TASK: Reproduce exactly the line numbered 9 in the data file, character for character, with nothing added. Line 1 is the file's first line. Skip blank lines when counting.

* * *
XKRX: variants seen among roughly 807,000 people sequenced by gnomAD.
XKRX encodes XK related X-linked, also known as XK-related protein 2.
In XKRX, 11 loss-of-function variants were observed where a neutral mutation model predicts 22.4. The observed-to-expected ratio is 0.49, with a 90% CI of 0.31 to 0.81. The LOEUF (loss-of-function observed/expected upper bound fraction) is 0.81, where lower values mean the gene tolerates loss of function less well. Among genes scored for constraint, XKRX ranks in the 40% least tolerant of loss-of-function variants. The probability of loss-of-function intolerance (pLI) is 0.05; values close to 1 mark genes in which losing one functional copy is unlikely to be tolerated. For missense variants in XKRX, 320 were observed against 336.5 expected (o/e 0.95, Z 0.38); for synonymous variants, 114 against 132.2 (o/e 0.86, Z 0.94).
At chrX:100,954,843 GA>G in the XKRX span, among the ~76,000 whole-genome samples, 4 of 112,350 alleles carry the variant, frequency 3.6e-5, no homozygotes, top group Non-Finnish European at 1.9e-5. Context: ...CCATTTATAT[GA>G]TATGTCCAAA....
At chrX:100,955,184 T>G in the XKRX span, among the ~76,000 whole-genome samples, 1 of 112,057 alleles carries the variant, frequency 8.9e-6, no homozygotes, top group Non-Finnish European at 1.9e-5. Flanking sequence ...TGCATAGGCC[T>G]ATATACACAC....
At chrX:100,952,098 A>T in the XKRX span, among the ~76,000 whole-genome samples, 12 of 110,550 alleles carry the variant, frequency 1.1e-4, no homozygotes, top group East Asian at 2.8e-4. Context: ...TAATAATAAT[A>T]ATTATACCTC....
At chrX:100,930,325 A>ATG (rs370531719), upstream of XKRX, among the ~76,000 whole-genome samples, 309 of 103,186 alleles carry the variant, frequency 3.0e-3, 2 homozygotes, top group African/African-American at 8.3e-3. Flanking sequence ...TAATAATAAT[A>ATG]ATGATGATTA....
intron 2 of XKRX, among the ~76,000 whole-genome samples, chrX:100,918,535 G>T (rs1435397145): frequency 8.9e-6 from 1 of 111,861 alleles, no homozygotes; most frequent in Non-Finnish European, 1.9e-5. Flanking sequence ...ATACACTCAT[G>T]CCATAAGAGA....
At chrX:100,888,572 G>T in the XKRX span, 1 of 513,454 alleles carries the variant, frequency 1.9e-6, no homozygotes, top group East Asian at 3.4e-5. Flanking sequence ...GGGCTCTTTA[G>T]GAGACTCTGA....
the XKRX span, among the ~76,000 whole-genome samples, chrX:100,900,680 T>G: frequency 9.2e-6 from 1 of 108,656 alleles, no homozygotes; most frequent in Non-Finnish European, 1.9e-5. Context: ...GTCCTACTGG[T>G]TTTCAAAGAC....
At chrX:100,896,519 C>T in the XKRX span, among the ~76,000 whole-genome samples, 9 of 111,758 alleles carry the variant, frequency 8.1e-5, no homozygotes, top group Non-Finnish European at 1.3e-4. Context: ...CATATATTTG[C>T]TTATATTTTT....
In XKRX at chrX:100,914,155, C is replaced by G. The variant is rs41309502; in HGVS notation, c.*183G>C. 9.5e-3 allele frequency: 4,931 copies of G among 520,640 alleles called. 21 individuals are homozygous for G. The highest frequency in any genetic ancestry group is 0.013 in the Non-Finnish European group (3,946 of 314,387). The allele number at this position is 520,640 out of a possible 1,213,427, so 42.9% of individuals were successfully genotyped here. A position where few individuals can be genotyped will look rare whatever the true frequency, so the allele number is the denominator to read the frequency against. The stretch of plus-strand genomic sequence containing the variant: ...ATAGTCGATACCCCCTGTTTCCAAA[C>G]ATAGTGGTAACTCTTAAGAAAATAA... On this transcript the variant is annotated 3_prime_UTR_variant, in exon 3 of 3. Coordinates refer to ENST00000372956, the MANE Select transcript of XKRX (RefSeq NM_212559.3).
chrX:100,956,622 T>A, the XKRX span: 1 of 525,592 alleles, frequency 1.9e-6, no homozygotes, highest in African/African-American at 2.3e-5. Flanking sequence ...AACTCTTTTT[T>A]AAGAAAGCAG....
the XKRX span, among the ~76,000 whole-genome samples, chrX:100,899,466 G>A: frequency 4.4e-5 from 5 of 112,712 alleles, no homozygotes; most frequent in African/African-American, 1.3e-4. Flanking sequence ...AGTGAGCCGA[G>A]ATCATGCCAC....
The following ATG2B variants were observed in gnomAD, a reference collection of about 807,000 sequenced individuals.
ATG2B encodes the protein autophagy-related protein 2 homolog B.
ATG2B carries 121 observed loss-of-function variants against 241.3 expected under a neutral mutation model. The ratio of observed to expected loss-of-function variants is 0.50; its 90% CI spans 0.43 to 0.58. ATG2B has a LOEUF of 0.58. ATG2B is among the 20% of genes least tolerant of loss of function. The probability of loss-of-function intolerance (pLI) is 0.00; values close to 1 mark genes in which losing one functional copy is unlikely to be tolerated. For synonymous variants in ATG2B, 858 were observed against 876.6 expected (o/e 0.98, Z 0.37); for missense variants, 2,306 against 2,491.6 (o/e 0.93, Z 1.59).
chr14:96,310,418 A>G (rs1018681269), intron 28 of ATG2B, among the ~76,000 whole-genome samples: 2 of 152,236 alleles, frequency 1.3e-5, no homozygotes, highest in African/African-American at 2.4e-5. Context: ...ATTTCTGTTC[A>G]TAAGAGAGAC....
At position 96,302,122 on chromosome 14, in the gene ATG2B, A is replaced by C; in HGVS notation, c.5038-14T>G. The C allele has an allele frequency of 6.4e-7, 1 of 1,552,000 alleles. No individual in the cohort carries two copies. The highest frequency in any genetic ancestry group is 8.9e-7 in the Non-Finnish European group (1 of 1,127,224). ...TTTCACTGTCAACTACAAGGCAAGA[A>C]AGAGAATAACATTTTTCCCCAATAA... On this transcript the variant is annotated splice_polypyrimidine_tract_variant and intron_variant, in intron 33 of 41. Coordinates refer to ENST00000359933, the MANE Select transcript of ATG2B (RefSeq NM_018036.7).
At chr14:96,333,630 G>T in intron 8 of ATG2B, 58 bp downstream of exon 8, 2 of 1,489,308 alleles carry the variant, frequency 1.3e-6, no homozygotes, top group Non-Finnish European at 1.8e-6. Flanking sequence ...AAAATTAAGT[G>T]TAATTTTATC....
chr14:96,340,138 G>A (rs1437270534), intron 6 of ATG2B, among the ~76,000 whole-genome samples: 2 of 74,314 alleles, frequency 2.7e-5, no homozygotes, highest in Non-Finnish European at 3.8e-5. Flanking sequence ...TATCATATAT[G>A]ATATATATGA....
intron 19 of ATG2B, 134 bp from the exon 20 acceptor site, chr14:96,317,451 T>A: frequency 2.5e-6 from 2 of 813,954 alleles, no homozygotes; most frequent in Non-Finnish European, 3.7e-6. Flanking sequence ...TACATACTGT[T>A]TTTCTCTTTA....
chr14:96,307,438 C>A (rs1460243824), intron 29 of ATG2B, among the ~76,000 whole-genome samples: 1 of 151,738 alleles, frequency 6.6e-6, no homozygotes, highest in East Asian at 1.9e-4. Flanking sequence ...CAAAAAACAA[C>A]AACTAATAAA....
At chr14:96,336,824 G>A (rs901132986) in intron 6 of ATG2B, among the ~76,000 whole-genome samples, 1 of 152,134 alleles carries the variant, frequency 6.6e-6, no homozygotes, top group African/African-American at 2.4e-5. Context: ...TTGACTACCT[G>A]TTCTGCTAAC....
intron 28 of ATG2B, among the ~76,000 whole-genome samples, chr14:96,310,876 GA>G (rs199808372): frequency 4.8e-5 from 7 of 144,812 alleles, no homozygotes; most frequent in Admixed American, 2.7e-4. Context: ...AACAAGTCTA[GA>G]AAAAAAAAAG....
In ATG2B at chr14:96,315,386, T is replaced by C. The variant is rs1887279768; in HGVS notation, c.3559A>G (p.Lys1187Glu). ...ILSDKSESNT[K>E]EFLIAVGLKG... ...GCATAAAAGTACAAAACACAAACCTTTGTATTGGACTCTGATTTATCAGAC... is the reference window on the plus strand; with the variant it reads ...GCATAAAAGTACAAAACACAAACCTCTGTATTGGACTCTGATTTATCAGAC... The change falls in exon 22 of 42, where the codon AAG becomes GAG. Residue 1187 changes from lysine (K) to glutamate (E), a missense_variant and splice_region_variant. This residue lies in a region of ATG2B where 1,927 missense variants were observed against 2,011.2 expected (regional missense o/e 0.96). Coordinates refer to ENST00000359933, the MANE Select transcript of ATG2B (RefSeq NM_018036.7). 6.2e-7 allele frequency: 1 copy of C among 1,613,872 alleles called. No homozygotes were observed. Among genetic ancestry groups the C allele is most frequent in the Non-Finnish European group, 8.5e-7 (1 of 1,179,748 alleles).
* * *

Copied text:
At chrX:100,888,572 G>T in the XKRX span, 1 of 513,454 alleles carries the variant, frequency 1.9e-6, no homozygotes, top group East Asian at 3.4e-5. Flanking sequence ...GGGCTCTTTA[G>T]GAGACTCTGA....